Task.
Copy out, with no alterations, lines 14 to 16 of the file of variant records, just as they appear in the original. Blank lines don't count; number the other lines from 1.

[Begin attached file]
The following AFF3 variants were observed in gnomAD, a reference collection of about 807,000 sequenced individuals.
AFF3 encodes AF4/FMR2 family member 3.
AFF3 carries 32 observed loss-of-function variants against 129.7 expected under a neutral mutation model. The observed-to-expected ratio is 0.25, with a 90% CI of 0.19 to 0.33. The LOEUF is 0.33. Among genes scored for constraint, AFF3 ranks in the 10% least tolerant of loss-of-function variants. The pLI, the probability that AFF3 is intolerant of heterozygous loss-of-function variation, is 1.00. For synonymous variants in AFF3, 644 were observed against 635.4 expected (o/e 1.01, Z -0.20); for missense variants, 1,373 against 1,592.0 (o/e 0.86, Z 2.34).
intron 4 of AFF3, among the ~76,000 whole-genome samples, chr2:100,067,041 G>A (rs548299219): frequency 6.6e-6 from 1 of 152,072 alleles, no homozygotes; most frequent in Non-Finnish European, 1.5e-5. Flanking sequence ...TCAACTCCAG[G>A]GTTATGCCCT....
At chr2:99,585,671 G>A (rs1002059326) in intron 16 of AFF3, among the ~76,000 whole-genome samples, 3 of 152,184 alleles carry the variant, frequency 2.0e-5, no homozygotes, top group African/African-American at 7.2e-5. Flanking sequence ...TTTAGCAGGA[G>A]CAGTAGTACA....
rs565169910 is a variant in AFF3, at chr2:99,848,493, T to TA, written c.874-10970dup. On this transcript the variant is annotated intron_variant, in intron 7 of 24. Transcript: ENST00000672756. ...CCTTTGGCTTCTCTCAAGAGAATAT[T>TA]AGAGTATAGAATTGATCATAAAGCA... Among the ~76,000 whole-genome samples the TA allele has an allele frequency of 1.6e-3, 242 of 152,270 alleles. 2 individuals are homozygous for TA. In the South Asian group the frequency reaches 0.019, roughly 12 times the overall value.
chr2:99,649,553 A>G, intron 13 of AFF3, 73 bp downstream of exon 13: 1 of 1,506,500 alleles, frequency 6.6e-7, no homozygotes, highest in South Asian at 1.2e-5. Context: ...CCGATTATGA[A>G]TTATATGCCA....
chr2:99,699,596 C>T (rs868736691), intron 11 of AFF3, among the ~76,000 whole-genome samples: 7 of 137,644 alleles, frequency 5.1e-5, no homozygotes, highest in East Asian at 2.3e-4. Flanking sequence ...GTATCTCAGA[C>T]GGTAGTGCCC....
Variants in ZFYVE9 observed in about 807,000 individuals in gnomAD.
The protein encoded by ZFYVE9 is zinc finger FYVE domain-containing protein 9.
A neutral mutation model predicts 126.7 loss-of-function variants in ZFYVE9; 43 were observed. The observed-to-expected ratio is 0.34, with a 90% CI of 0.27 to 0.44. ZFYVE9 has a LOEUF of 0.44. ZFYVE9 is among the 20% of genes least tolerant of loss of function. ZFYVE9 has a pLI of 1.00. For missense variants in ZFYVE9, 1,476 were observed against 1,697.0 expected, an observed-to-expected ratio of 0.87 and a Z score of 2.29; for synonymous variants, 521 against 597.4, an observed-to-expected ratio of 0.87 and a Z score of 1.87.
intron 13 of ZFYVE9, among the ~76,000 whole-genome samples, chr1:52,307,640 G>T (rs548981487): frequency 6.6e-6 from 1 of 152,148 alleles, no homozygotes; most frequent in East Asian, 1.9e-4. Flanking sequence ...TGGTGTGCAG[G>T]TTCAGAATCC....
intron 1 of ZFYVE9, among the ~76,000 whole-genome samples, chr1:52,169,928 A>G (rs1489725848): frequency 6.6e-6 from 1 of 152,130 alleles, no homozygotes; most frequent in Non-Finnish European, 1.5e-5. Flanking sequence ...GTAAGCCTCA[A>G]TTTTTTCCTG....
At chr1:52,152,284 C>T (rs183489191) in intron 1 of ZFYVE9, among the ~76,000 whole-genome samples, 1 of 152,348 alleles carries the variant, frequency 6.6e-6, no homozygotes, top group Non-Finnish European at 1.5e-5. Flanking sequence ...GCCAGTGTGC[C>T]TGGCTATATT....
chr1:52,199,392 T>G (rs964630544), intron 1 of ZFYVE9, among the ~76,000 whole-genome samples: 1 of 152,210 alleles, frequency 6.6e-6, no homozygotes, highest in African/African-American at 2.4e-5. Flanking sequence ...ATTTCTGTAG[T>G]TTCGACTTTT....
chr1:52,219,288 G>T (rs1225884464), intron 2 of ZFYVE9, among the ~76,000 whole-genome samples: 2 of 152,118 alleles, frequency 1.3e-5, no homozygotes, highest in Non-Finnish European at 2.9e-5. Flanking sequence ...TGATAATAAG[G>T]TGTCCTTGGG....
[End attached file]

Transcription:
At chr1:52,152,284 C>T (rs183489191) in intron 1 of ZFYVE9, among the ~76,000 whole-genome samples, 1 of 152,348 alleles carries the variant, frequency 6.6e-6, no homozygotes, top group Non-Finnish European at 1.5e-5. Flanking sequence ...GCCAGTGTGC[C>T]TGGCTATATT....
chr1:52,199,392 T>G (rs964630544), intron 1 of ZFYVE9, among the ~76,000 whole-genome samples: 1 of 152,210 alleles, frequency 6.6e-6, no homozygotes, highest in African/African-American at 2.4e-5. Flanking sequence ...ATTTCTGTAG[T>G]TTCGACTTTT....
chr1:52,219,288 G>T (rs1225884464), intron 2 of ZFYVE9, among the ~76,000 whole-genome samples: 2 of 152,118 alleles, frequency 1.3e-5, no homozygotes, highest in Non-Finnish European at 2.9e-5. Flanking sequence ...TGATAATAAG[G>T]TGTCCTTGGG....